21. How should brotherly love treat a slanderous report against an elder or other brethren?
22. How should the Church exercise brotherly kindness toward those who ‘walk disorderly’?
23. How should the elders exercise brotherly love in reproving the ‘unruly’?
R3211 col. 1 ¶3; F300, 301
R3211 [col. 1 ¶3]:
"Reprove, rebuke, exhort, with all long-suffering and doctrine." This part of the exhortation is not alike applicable to all; too many feel at liberty to reprove and to rebuke. Doubtless many need reproofs and many need rebukes, but how few are able to administer these to profit and not to injury! The Apostle addressed these words in a particular sense to Timothy as an experienced elder in the Church of Christ, and to some extent an overseer amongst the elders. It would be a great mistake to apply these words in general, and for each of the Lord's people to see to what extent he could administer reproofs and rebukes to his brethren. Rather should sympathy go out to such an extent that reproofs and rebukes would be avoided, except as duty, because of responsibility in the Church of God, should necessitate this. Even so experienced an elder and overseer as Timothy must see to it that his reproving and rebuking and exhorting should be done with all longsuffering--with patience, gentleness and forbearance, and with doctrine (2 Tim. 4:2); showing clearly wherein the principles of righteousness were infringed and pointing out distinctly the Word of the Lord concerning the same. This duty still rests upon those who occupy places of prominence in the Church to which they have in the Lord's providence been appointed; and in proportion as they are filled with the Lord's spirit of love and gentleness and meekness and patience and forbearance, they will strive to perform this delicate and unpleasant business of reproving and rebuking, where necessary, in most modest language and under the most favorable conditions.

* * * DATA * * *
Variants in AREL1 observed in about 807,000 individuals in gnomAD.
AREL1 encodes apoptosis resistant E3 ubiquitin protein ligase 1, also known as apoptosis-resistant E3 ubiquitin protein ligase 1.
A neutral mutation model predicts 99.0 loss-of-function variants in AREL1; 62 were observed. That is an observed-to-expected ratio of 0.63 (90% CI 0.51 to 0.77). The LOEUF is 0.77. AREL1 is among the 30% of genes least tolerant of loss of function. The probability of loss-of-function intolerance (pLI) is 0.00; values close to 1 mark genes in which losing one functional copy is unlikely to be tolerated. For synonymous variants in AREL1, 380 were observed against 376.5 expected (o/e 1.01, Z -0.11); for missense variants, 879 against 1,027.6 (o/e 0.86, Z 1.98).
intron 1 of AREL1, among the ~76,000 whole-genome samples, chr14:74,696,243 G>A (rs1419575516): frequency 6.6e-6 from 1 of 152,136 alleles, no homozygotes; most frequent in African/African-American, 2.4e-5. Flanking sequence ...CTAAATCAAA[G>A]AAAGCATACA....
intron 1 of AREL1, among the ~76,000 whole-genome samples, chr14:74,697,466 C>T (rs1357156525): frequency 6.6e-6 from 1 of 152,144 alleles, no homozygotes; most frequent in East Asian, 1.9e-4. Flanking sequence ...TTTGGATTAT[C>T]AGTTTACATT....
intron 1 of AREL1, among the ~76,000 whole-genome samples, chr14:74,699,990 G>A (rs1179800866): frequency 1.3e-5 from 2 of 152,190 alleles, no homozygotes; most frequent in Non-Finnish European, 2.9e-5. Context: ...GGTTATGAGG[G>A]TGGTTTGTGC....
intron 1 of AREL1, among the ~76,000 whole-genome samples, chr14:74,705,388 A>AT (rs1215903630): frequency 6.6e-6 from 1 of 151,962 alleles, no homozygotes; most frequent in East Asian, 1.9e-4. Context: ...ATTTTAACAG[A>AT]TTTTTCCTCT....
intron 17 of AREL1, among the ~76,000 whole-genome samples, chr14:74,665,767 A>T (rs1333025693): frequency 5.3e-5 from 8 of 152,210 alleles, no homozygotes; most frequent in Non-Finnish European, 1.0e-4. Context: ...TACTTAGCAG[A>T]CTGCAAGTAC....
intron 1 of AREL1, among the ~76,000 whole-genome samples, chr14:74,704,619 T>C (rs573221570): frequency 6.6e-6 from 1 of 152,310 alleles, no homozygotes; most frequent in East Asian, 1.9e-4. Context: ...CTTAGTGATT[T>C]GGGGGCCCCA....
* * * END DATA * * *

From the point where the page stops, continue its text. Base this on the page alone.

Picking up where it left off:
F300 through F301--Admonishing Not a General Order
It would be a great mistake, however, to suppose that the Apostle, in using this general language to the Church, meant that every individual of the Church was to do such admonishing. To admonish wisely, helpfully, is a very delicate matter indeed, and remarkably few have a talent for it. The election of elders on the part of congregations is understood to signify the election of those of the number possessed of the largest measure of spiritual development, combined with natural qualifications to constitute them the representatives of the congregation, not only in respect to the leading of meetings, etc., but also in respect to keeping order in the meetings and admonishing unruly ones wisely, kindly, firmly. That this is the Apostle's thought is clearly shown in the two preceding verses, in which he says:
"We beseech you, brethren, to know them which labor among you, and are over you in the Lord, and admonish you; and to esteem them very highly in love for their works' sake. And be at peace amongst yourselves." 1 Thess. 5:12,13